“We partnered with the Fire Department to coordinate this clinic just like the one we did with first responders,” said Homan. “The nurses are committed to doing future clinics as well. It has been a great collaborative effort. Chief Davis has done a remarkable job getting the vaccine for Lynnfield because that has been the big barrier. Our team has been phenomenal. All of the nurses wanted to help out and be part of the clinic.”

School COVID-19 Liaison Toni Rebelo concurred with Homan’s point of view.

“We have been preparing for this clinic for a long time,” said Rebelo. “This is a very happy and exciting day for us. It has been a major priority for us to bring clinics to the local level in order to make the vaccine more accessible for the town’s elderly population. We are ecstatic that we were able to do this for the community.”

While the state’s large vaccination sites have experienced long lines that forced some seniors to stand outside in the cold, local seniors did not experience those conditions last Saturday.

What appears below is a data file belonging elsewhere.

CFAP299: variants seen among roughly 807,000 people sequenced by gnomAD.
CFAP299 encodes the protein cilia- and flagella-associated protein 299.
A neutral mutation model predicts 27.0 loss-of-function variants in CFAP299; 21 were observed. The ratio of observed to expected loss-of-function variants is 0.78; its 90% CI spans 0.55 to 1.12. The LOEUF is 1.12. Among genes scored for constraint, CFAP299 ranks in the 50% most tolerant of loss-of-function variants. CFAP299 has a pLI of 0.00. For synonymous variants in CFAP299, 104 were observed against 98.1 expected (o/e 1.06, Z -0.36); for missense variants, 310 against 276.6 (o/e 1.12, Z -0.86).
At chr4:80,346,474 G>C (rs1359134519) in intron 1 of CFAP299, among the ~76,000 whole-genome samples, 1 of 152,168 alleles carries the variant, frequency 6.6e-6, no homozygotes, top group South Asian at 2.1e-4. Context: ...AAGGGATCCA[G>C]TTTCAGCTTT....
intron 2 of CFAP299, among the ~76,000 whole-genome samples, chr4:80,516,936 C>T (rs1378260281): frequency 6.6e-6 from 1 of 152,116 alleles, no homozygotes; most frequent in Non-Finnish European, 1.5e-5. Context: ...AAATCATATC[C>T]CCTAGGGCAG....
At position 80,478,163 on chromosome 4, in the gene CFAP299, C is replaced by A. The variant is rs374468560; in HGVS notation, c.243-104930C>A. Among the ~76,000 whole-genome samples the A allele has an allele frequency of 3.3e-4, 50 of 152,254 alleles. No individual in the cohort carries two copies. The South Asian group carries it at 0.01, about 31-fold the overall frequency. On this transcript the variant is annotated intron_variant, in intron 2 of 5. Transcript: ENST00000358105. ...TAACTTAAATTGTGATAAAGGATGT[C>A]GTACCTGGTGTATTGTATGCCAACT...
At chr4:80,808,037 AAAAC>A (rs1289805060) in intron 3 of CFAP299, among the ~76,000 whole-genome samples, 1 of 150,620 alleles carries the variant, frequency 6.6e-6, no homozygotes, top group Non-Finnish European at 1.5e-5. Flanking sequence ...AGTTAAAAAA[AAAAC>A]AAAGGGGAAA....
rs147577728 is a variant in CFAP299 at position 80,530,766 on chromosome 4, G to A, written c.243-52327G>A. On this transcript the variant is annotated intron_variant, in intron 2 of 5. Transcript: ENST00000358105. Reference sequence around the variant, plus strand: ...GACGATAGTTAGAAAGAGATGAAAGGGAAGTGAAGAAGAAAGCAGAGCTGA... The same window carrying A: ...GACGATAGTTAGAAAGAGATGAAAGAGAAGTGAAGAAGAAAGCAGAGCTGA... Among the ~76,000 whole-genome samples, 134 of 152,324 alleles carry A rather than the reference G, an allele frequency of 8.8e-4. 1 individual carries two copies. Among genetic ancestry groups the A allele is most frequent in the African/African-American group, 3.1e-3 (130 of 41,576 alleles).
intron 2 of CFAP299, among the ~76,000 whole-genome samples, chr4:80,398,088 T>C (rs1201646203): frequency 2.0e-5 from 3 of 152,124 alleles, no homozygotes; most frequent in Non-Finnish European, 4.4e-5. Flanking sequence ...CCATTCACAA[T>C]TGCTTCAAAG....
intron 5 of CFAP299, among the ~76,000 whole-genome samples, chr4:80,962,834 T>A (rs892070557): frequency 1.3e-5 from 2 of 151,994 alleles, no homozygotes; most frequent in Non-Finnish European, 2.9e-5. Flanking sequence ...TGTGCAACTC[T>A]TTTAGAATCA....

Davis acknowledged getting vaccine doses from the state has been “challenging.”

“The target seems to change every week,” said Davis. “The process to request vaccines is done online, and it is done community-by-community. There are 351 communities in the state all trying to get their doses as well as all of the large vaccination sites that the state is trying to channel the doses to. The DoubleTree Hotel in Danvers, Fenway Park and Gillette Stadium are getting thousands of doses for thousands of people. It’s an efficient way to do it, but a lot of our seniors can’t find a way to get to Gillette Stadium. Being able to offer this in Lynnfield is a great opportunity for our seniors.”

Wallace concurred with Davis’ viewpoint.